Over the Sea

August 2, 2008
I was lost. Yesterday afternoon, I took my tiny little wood boat, the Cleo, out to my favorite fishing cove. It had a reef with large predatory fish prowling about, searching for an easy meal. It was my favorite spot not only for the fishing, but also for its seclusion, crystal waters that saw down to the exquisite reef, and the surrounding view.
The day was so fine, the water being glass calm. The azure sky betrayed no hint of treachery and the blazing sun was so welcoming. I had decided to explore a bit, to go find another possible honey hole. Therefore, I rowed the Cleo out to the sea, aiming for the other island a little ways off.
But it was not to be. The storm manifested within minutes, stirring the ocean like a blender. Fear stabbed my heart and gut. The Cleo tousled violently, but somehow persevered without flipping over. I squeezed my eyes shut tight throughout the ordeal, gripping her sides white-knuckled, waiting to be gobbled up by the sea.
When it cleared and the morning came, I had severe whiplash. I espied a micro-island not far off and paddled to it. I lied on the sands and fell instantly to sleep, my body still swaying with the waves, as if my equilibrium was broken.
Once I was satisfied with my repose, I awoke and explored the island. It was very small, only an acre at most. The strange part of it was that the sea had cut its heart. The channel was about three feet across and a foot deep, and when I walked onto its sandy bottom, I found an enormous fish scale that glittered like a gem. On both halves were a few coconut trees that provided the only relief from the sun and supplied refreshing milk and meat. Other than that though, my island was desolate.
Next, after the rejuvenating myself with the life savor fruit of the tropics, I inspected the Cleo. She was where I had docked her, in the odd split, and had shallow abrasions on the belly from the sand, but otherwise unharmed. I also made the unpleasant discovery that the fish, that I had caught the day before, had rotted in the relentless sun. I buried them deep, as not to stink up the waters and land.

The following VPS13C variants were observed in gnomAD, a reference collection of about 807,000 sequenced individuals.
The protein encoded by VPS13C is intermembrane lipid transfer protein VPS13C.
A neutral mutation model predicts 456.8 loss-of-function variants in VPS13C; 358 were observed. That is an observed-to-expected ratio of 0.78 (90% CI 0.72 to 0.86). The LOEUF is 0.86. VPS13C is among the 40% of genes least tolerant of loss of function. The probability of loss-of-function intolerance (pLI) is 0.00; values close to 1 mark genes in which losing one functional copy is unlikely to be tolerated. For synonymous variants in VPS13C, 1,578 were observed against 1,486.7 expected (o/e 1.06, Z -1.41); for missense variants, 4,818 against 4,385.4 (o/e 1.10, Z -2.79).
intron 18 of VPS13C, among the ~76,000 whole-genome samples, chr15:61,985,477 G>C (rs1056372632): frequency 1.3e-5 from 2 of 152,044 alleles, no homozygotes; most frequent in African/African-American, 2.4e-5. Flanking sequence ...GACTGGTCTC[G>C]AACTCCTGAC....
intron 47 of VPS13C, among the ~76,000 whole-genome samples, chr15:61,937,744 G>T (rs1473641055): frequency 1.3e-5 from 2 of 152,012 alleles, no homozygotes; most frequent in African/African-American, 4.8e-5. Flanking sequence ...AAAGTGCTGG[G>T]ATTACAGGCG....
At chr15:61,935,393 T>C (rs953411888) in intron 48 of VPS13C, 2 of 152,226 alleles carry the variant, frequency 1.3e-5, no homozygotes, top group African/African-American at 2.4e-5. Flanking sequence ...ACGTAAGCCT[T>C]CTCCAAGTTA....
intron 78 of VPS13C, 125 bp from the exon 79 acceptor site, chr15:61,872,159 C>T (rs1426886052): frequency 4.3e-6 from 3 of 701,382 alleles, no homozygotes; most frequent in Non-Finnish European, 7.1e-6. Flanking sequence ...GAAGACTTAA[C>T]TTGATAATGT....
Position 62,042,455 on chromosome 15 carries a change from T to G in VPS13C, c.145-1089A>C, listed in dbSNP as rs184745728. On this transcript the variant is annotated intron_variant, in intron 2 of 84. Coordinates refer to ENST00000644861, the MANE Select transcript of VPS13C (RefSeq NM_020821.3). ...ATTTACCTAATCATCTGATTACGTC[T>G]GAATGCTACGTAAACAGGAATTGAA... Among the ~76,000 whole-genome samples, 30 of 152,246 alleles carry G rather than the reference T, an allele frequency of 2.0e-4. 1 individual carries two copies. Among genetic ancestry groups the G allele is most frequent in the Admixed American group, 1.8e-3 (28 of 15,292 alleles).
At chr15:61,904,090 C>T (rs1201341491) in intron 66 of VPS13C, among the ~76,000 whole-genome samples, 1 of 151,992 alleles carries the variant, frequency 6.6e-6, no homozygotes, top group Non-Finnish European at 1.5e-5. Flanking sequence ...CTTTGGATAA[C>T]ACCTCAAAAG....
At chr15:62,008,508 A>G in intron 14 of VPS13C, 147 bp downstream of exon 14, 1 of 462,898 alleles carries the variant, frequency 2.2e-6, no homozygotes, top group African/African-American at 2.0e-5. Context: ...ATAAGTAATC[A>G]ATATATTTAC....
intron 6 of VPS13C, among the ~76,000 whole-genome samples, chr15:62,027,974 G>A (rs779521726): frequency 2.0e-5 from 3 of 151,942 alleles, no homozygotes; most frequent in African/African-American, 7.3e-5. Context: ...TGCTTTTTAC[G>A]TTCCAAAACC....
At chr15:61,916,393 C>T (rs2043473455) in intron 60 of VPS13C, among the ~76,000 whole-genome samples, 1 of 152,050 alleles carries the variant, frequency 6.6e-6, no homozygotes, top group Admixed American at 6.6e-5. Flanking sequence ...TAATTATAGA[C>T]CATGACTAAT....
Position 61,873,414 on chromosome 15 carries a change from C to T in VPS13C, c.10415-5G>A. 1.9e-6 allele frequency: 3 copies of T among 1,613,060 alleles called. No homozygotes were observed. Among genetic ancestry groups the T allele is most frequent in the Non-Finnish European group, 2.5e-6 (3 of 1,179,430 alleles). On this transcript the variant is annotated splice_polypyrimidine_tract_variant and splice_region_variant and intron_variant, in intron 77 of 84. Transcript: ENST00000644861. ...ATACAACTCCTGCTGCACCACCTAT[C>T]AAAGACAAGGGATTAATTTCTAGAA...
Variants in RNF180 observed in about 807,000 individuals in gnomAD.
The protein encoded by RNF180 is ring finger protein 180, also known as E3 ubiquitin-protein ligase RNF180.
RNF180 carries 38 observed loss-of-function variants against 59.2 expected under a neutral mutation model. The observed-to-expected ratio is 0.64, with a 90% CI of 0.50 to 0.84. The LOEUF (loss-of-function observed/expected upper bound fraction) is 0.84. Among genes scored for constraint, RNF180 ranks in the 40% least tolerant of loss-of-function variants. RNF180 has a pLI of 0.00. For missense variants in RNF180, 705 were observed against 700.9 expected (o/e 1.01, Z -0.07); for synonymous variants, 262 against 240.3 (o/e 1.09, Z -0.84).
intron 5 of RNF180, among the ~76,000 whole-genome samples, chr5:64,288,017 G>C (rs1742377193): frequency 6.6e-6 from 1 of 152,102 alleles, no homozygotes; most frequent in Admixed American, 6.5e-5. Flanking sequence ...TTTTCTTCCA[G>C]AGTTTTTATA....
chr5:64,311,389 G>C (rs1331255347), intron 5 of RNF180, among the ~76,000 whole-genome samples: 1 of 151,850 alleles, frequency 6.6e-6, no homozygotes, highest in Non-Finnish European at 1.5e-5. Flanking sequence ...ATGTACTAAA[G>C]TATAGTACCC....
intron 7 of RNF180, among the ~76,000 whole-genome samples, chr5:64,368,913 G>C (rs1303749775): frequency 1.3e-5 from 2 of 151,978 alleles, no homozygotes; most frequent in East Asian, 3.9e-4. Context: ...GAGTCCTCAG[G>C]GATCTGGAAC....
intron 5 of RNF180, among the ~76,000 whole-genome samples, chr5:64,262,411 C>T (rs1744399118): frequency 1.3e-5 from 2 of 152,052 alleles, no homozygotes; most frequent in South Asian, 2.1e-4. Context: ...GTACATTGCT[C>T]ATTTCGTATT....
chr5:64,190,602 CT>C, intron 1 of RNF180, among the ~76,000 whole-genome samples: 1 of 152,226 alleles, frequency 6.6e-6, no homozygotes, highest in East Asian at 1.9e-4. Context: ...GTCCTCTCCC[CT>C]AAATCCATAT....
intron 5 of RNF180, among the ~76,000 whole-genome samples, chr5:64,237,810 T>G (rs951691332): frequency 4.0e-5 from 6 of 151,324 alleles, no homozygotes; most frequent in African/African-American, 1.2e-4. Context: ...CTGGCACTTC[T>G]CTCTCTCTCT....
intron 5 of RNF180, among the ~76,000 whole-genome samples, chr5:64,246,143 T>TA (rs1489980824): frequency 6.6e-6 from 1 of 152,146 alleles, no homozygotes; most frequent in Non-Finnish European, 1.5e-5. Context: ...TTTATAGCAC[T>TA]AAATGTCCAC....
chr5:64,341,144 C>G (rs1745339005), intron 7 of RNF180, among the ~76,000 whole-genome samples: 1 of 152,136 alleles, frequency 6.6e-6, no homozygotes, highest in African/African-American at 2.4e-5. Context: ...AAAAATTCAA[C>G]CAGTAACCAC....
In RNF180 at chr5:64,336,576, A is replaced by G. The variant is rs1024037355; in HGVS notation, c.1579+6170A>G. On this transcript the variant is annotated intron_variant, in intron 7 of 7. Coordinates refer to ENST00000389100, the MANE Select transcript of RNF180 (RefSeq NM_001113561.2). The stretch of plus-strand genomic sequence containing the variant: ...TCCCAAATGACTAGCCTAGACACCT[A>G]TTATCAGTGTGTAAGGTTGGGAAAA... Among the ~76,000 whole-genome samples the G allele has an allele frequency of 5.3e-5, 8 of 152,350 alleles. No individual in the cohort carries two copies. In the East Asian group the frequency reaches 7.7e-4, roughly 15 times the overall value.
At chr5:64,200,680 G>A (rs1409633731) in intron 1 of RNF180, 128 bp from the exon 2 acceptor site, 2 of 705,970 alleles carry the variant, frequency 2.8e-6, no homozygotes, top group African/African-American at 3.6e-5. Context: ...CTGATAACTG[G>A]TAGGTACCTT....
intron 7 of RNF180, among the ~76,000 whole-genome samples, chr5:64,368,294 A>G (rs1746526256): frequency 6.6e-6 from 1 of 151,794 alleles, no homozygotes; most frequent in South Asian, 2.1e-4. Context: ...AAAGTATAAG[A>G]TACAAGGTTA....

I could not see any islands in the distance. I was truly lost on an island in the middle of the ocean. I was scared to get lost on the open ocean going the wrong way, for there my resources could run dry. Waiting was all that I planned to do now.
My plans were soon skewed however, after a few monotonous days. It was early morning and I was sleeping on the west half of my island. My conscious was ripped to alertness at the sound of dulcet laughter. Slinking from tree to tree, I went towards were the Cleo was harbored in the straight, for that is where the sound was coming from.
I peeped around the trunk I was crouched behind. My eyes blinked a few times in disbelief. Lounging in the Cleo was a mermaid. Wading on her belly In the water was another one. The one in the boat had creamy skin, green hair, emerald eyes, and a big jade scaled tail. The second had akin complexion, but dark red hair, garnet eyes, and a ruby scaled tail. They would look at one another and start laughing at nothing, just like inseparable friends.
They stopped their hysterics in unison as the green one caught a glimpse of me. She smiled benevolently, her pearl teeth shining in the light. Her voice sounded like the waves gently lapping the shore, “What is your name?”
I cautiously stood upright and walked closer. They both looked friendly, but so did a cute brown bear before he shreds you to pieces. My voice was weak and shook, “Amber, what is yours’.”
They giggled and then the red one answered, “I’m Spinel, named after the brilliant solid stone, and this is my best friend Beryl, after the mineral of many colors. Are you stranded here?”
“Yah, the storm carried me here a few days ago.”
“I love your boat,” interjected Beryl, totally off the subject, “Does it have a name?”
“It’s the Cleo. My father made it with his own two hands.”
“T’is lovely, Amber,” she replied, caressing the polished wood.
“Could you help me get home?” I asked in a small shy voice. The few tales I had heard about mermaids always boded ill for humans.
“Of course!” cheered Spinel, clapping her delicate hands together in excitement. “Where is it that you live?”
“In Kona, on the big island. Is there anything I could get you in exchange from there?” I added, trying to give them some sort of incentive to not betray me.